Sunday, September 23, 2018

Whole milk

I thought milk was simply the food that mammal mothers fed their babies.  It is that but there is much more to the story. See "Milk" by Kurlansky. The story of the human dispersion around the planet is connected with the special phenomenon of adults drinking milk.  They shouldn't be able to, since it is food for infants but some branches of humanity retain their ability to digest milk past childhood.

Milk is connected to the human understanding that there exist many forms of life on the planet that are too small for human eyes to see.  But "pasteurization" and other tools of safe food handling have changed what can be done with milk and where. About 8000 years ago, the process for making cheese from milk created a safer and more portable food.  Of course, that was early groundwork for the later rise of Wisconsin's cheese industry and that of others.

Fast forward to today's human problems with body weight and fat, the obesity problem.  It is often interesting when society or even science itself gets ideas wrong. There seems to be a growing movement toward more fat in the human diet.  From 1950 or so until lately, a popular idea has been to avoid eating fat so that arteries and veins would be less likely to get clogged. My friend advised me to read the article "Arteriosclerosis as Clogged Pipes".  I saw a reference to Dr. Sarah Hallberg's TED talk "First Ignore the Guidelines." She is cheerful, seems trustworthy and enthusiastic. She says avoid anything lo-fat or no-fat.

I was impressed yesterday to see an article in Time magazine on increasing sales of whole milk.  We have drunk skim for years but I have been drinking whole milk with full fat lately. I have read repeatedly that fat is satiating and satisfying, and after a couple of weeks on whole milk, I found that I am indeed more satisfied, even to the point of being completely uninterested in more food beyond a normal or even smallish meal.  My pants are a bit too big in the waist now.

Saturday, September 22, 2018

The bot did it

I got 6-8 notices from a web site/organization saying I had unsubscribed.  I had not done so and I didn't want to. It was quick and easy to join back on again but it got old.  These guys are very sophisticated computer users. I wrote to them and asked for information about who was unsubscribing me.  

They got back with the answer.  "Bots" were doing it. Naturally, I had not considered that possibility.  Look it up. Watch YouTube videos. I found that bots, or web bots or web robots are actually scripts that some machine or other can operate. The usual term is "execute", not as in killing someone but as in carrying out a task. If you have ever tried to alphabetize a group of titles and compared the time it takes with having a spreadsheet or other computer application to the job, you have experienced the truth that computers can do it much faster.  

Much like a mailing group can enable a user to paste many email address in a message in a flash, much like a "macro" in Excel or other software can carrying out a series of steps in an instant, a bot can perform repetitive and complex tasks tirelessly and very quickly.  From what I learned, I gather that once in a while, some sort of bot goes over what I post in my blog. I guess where a message says "Unsubscribe here" with a link, the bot jumps to the task. I assume it unsubcribes me efficiently and quickly.

I am glad I learned to think of bots once in a while.  I have heard that machines, artificial intelligence and other sources of both power and frustration are advancing into my life and I think that is true.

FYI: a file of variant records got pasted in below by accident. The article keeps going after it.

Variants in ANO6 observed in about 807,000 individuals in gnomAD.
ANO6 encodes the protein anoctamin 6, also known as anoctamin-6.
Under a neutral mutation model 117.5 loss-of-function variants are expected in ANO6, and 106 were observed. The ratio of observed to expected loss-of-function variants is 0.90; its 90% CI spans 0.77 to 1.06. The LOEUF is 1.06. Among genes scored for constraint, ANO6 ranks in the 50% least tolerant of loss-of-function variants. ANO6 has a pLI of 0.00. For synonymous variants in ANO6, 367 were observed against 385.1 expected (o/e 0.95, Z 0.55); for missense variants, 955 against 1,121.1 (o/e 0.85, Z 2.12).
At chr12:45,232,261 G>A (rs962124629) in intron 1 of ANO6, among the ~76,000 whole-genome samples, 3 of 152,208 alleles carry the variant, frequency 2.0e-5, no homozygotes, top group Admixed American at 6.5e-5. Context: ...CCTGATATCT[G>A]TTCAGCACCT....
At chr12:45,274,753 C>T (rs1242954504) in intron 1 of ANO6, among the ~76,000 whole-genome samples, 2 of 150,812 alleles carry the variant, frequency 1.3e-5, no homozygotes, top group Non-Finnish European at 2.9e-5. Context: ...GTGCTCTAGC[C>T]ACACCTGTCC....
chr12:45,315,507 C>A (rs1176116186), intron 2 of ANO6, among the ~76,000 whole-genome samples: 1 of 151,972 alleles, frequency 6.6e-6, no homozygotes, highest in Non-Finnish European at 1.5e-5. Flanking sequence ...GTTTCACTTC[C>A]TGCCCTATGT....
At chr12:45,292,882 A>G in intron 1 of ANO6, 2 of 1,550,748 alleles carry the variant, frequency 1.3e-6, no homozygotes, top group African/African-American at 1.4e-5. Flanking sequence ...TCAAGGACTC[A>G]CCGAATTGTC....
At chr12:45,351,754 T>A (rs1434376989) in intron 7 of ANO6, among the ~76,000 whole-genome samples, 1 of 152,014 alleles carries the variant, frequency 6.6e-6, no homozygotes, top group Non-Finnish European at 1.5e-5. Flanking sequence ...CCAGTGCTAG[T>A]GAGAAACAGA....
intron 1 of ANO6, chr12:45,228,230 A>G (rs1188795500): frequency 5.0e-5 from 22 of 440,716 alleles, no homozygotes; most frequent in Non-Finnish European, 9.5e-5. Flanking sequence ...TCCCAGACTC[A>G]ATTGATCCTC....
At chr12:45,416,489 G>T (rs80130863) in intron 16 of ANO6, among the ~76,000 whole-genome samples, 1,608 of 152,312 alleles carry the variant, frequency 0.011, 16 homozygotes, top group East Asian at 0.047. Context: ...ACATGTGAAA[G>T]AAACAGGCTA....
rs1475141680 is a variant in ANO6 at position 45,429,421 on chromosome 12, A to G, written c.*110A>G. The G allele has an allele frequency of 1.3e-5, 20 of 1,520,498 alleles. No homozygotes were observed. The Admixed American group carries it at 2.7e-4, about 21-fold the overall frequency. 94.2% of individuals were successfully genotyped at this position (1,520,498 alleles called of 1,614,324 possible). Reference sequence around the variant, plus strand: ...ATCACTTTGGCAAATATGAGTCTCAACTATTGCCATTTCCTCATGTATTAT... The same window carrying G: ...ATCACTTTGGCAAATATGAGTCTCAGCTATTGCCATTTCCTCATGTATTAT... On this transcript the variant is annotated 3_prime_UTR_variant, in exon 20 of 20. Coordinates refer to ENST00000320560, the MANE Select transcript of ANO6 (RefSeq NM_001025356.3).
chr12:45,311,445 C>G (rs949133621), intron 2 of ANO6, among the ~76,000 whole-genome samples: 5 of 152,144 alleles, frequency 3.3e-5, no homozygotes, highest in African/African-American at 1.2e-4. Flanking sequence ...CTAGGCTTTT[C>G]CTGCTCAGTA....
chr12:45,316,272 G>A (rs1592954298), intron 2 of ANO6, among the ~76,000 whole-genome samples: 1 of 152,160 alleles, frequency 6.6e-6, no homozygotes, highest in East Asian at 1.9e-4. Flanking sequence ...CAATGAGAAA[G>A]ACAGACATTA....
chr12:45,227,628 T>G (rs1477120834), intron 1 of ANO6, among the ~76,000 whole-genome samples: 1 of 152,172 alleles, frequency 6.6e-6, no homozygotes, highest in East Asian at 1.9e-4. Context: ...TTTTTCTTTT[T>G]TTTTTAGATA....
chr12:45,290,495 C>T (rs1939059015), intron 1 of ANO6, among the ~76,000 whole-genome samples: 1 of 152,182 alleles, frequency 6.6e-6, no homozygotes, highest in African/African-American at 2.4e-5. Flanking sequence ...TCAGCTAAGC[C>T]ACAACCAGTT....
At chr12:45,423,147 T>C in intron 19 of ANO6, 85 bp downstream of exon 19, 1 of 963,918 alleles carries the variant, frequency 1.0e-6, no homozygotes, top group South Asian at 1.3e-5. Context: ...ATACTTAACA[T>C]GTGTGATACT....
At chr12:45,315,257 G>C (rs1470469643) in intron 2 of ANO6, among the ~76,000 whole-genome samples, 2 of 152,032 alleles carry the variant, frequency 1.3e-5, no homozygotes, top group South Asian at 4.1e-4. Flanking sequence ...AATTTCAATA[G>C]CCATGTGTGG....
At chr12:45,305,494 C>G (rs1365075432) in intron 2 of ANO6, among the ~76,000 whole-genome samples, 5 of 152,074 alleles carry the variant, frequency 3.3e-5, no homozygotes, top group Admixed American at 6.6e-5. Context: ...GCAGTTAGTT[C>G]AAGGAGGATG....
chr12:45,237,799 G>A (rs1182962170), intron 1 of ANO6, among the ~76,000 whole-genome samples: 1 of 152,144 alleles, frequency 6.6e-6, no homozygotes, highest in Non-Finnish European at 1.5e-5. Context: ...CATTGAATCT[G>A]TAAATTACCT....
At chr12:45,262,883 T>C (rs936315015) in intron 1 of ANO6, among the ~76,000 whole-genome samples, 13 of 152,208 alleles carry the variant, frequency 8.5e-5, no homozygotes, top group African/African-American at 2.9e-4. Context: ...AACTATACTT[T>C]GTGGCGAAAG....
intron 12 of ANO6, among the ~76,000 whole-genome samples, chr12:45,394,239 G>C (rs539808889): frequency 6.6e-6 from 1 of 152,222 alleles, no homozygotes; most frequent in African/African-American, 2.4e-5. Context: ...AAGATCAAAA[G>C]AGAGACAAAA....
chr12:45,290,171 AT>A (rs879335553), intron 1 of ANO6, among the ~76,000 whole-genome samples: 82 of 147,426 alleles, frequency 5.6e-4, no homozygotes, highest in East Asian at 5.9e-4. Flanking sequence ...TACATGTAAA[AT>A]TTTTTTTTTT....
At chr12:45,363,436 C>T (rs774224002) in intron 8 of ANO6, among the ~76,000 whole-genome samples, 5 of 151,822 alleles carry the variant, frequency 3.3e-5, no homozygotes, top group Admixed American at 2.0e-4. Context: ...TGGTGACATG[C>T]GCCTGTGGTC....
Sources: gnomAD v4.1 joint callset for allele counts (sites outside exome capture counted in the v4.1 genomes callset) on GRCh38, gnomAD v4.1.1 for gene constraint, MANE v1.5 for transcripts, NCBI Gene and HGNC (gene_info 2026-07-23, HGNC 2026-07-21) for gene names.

Friday, September 21, 2018

Pocket and other recommenders

I use two browsers most days.  My computer is a very inexpensive one and has limited capacity so I try to stay aware of how many page tabs I have open at once.  Firefox is supposed to be rather independent and it is descended from Netscape, the first browser that really took me all over the web.  Chrome is Google's browser and it may be best for the many Google services and products I use, such as Calendar, Contacts, Gmail, Blogger and My Drive.  

Firefox has a new feature called Pocket.  It features rapid saving and sending web pages of interest. On the new page tab, Pocket shows recommended articles, sites and pages calculated to be of interest.  Lately, I have found that many of Pocket's recommendations are indeed of interest.

You may remember when Netflix offered a big prize to the programmer who could lift the company's accepted recommendations to a given target.  I think I read that someone succeeded. Netflix, Amazon, Kobo, and probably others I am not thinking of, offer recommendations often. They are basically ads but some attempt is made, I think, to base the recommendations on my recent choices.

I am interested in the psychology of further choices.  I am pretty sure that if I have just read an Agatha Christie novel, I am not going to choose another right away.  But if you show me a book on evolution or gravity or Stormy Daniel's grandmother's farm, I might be interested. It is hard to say what might be of interest if I only know what I am probably not interested in.  That position leaves open so many possibilities. If I am Netflix or Amazon, I will be tempted to look at the data on my recent choices.

I was charmed by Alexander McCall Smith and read many of his Botswana novels.  I haven't even checked to see if he has anything written that I want to read. Recently, we seemed to have exhausted our Roku tv choices and Lynn suggested we look at the Doc Martin series and the Foyle's War series all over again.  We watched an episode in series 3 last night of Foyle's War. We are both surprised at how little we recall from any earlier viewing. We are confident that we did see all the programs before but we rarely recall any part of the story. I don't think it is our age and memory power.  I think it is simply number and time. We watched so many shows and so long ago that it is all new.

Thursday, September 20, 2018

Intentional intensification attempts